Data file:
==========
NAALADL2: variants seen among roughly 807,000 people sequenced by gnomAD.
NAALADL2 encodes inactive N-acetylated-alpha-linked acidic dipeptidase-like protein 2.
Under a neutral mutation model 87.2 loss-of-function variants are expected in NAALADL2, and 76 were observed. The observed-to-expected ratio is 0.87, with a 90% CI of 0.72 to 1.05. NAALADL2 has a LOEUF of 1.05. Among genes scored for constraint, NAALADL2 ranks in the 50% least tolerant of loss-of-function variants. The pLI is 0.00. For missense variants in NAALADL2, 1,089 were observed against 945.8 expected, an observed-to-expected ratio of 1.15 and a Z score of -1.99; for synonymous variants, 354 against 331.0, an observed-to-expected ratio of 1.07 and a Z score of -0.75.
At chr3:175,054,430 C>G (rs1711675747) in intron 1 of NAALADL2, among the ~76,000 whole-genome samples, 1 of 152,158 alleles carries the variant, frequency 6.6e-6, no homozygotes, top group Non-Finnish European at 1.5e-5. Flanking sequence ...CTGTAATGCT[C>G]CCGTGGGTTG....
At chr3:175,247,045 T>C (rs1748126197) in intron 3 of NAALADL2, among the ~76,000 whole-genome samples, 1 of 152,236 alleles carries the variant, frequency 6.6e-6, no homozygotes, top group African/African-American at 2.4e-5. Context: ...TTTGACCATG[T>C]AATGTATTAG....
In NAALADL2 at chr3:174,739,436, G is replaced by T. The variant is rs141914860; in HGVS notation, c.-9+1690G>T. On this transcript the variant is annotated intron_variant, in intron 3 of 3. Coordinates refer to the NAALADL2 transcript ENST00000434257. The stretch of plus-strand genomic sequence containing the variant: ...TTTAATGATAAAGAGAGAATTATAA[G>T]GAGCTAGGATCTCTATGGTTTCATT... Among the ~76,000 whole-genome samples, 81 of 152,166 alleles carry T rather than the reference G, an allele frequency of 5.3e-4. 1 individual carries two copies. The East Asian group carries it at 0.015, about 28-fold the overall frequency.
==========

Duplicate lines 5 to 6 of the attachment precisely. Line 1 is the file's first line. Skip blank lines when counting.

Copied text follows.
At chr3:175,247,045 T>C (rs1748126197) in intron 3 of NAALADL2, among the ~76,000 whole-genome samples, 1 of 152,236 alleles carries the variant, frequency 6.6e-6, no homozygotes, top group African/African-American at 2.4e-5. Context: ...TTTGACCATG[T>C]AATGTATTAG....
In NAALADL2 at chr3:174,739,436, G is replaced by T. The variant is rs141914860; in HGVS notation, c.-9+1690G>T. On this transcript the variant is annotated intron_variant, in intron 3 of 3. Coordinates refer to the NAALADL2 transcript ENST00000434257. The stretch of plus-strand genomic sequence containing the variant: ...TTTAATGATAAAGAGAGAATTATAA[G>T]GAGCTAGGATCTCTATGGTTTCATT... Among the ~76,000 whole-genome samples, 81 of 152,166 alleles carry T rather than the reference G, an allele frequency of 5.3e-4. 1 individual carries two copies. The East Asian group carries it at 0.015, about 28-fold the overall frequency.